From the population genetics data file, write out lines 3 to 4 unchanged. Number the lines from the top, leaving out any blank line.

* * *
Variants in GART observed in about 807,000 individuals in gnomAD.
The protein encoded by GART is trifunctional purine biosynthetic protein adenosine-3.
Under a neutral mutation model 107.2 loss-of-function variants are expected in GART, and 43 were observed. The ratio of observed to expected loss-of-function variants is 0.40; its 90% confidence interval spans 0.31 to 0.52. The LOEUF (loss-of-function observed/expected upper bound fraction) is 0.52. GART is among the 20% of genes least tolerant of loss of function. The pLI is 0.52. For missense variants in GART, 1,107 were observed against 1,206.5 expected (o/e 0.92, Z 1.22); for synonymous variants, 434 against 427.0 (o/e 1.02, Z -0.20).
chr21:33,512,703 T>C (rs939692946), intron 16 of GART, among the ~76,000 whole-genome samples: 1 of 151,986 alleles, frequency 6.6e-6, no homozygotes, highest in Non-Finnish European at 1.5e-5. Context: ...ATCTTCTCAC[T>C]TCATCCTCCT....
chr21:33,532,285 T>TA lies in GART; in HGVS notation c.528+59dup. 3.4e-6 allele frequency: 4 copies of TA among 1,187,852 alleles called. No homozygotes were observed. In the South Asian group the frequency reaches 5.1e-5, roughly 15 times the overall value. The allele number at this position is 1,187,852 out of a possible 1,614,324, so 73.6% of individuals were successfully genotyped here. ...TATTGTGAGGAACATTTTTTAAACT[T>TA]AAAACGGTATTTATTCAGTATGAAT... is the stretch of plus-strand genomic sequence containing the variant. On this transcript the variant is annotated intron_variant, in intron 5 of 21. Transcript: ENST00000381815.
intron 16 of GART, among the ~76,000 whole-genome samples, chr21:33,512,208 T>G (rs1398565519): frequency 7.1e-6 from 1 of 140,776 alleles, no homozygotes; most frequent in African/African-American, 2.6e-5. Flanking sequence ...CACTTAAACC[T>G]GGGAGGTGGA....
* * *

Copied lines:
Under a neutral mutation model 107.2 loss-of-function variants are expected in GART, and 43 were observed. The ratio of observed to expected loss-of-function variants is 0.40; its 90% confidence interval spans 0.31 to 0.52. The LOEUF (loss-of-function observed/expected upper bound fraction) is 0.52. GART is among the 20% of genes least tolerant of loss of function. The pLI is 0.52. For missense variants in GART, 1,107 were observed against 1,206.5 expected (o/e 0.92, Z 1.22); for synonymous variants, 434 against 427.0 (o/e 1.02, Z -0.20).
chr21:33,512,703 T>C (rs939692946), intron 16 of GART, among the ~76,000 whole-genome samples: 1 of 151,986 alleles, frequency 6.6e-6, no homozygotes, highest in Non-Finnish European at 1.5e-5. Context: ...ATCTTCTCAC[T>C]TCATCCTCCT....